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#5) On March 28, 2008 at 11:48 AM, anchak (99.91) wrote:

You are talking about Yield Spread Premium....the mechanism by which the broker gets a higher commission based on the Yield ie Interest Rate on the account.........I have seen some interesting discussions online ( very heated ones too....especially from the broker community) about this.....and I believe Bush even mentioned it in one of the mortgage reform piece.

On the face of it , it definitely has a clear conflict of interest written all over it.

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#6) On March 28, 2008 at 12:01 PM, FleaBagger (27.45) wrote:

Usually when you're borrowing money, the principal borrowed, not the total amount paid to the lender, is the constant. So your "higher interest is less burdensome" assertion is absolute nonsense.

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#7) On March 28, 2008 at 12:09 PM, devoish (75.63) wrote:


Your post showing that borrowing in a high interest rate environment with a low principle is preferable because of the opportunity to prepay interest, or refinance at potentially lower rates will be shared with my kids. As long as prepaying is a possibility. Some loans do not allow it or invoke penaltys for prepayment. Hopefully I can get them to save enough to just pay cash though.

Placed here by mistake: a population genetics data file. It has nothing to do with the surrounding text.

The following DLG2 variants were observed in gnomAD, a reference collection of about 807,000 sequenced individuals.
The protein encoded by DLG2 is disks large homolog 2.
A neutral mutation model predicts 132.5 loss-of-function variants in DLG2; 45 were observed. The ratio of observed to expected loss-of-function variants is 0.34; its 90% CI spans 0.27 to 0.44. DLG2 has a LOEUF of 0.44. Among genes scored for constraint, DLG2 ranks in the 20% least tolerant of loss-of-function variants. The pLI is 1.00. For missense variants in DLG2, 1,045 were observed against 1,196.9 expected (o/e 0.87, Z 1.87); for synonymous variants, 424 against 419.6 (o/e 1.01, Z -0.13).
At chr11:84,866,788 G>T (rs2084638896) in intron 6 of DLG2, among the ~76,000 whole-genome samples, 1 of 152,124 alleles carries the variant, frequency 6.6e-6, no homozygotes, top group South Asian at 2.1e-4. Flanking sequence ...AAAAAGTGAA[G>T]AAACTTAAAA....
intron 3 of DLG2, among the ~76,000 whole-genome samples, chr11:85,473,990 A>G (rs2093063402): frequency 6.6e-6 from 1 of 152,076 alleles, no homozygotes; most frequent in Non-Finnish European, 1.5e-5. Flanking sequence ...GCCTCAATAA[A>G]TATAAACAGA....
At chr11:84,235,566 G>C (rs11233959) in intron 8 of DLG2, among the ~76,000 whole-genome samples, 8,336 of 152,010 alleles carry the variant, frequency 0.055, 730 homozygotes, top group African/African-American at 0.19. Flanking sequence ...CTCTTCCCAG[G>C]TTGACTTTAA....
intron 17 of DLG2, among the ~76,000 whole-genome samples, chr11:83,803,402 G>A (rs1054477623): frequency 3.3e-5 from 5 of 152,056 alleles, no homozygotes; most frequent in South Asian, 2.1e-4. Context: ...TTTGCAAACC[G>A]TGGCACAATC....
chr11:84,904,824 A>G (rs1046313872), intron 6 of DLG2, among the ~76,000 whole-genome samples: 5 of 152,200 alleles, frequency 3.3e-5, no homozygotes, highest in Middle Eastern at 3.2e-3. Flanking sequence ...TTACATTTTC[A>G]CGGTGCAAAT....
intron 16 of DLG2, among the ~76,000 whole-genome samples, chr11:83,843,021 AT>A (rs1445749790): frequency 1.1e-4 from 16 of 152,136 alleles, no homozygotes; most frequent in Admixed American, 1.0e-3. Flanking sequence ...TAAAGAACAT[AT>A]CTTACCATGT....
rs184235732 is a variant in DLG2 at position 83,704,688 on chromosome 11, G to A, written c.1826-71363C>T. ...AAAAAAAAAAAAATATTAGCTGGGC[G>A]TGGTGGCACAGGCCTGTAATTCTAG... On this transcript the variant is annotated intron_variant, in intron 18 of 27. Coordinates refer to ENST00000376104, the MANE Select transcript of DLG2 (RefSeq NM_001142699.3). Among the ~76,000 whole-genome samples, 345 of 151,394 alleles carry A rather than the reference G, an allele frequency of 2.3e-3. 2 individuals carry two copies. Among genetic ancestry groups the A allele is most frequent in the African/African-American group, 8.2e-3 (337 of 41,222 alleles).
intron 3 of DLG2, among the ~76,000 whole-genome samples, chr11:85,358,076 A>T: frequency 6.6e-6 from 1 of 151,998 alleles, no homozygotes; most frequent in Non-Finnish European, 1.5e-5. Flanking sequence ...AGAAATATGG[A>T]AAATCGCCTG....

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#8) On March 28, 2008 at 3:27 PM, leohaas (29.83) wrote:

So, this whole blog was to show that it make a lot of sense to pre-pay a mortgage when your rate is 12%, but not when your rate is 2%?


I gladly refinance my current 15-year mortgage to a 30-year 2% mortgage! No questions asked... 

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#9) On March 28, 2008 at 3:33 PM, charlesblazer (30.40) wrote:

Flea, I believe that one of dwot's points is that the principal borrowed is not, in fact, a constant.  As rates drop, banks allow people to borrow more.  As people are allowed to borrow more, the price of property goes up to take advantage of it.  The only constant is the buyer's income.